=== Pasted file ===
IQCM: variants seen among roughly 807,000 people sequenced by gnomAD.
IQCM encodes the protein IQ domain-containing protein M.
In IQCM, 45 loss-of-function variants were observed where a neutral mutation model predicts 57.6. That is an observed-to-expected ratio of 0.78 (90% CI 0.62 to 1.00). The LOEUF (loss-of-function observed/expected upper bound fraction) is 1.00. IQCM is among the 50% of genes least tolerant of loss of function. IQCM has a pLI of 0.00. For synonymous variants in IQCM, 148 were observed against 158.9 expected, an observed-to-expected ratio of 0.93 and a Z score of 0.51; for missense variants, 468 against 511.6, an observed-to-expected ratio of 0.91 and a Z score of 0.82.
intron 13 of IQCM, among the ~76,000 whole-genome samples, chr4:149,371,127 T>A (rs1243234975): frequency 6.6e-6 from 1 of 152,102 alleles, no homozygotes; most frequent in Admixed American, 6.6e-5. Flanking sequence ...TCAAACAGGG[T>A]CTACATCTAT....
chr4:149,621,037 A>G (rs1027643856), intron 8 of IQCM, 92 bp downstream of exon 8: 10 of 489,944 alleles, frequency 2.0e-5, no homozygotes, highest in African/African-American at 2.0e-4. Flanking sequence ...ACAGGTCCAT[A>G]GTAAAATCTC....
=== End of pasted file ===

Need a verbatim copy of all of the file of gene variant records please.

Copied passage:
IQCM: variants seen among roughly 807,000 people sequenced by gnomAD.
IQCM encodes the protein IQ domain-containing protein M.
In IQCM, 45 loss-of-function variants were observed where a neutral mutation model predicts 57.6. That is an observed-to-expected ratio of 0.78 (90% CI 0.62 to 1.00). The LOEUF (loss-of-function observed/expected upper bound fraction) is 1.00. IQCM is among the 50% of genes least tolerant of loss of function. IQCM has a pLI of 0.00. For synonymous variants in IQCM, 148 were observed against 158.9 expected, an observed-to-expected ratio of 0.93 and a Z score of 0.51; for missense variants, 468 against 511.6, an observed-to-expected ratio of 0.91 and a Z score of 0.82.
intron 13 of IQCM, among the ~76,000 whole-genome samples, chr4:149,371,127 T>A (rs1243234975): frequency 6.6e-6 from 1 of 152,102 alleles, no homozygotes; most frequent in Admixed American, 6.6e-5. Flanking sequence ...TCAAACAGGG[T>A]CTACATCTAT....
chr4:149,621,037 A>G (rs1027643856), intron 8 of IQCM, 92 bp downstream of exon 8: 10 of 489,944 alleles, frequency 2.0e-5, no homozygotes, highest in African/African-American at 2.0e-4. Flanking sequence ...ACAGGTCCAT[A>G]GTAAAATCTC....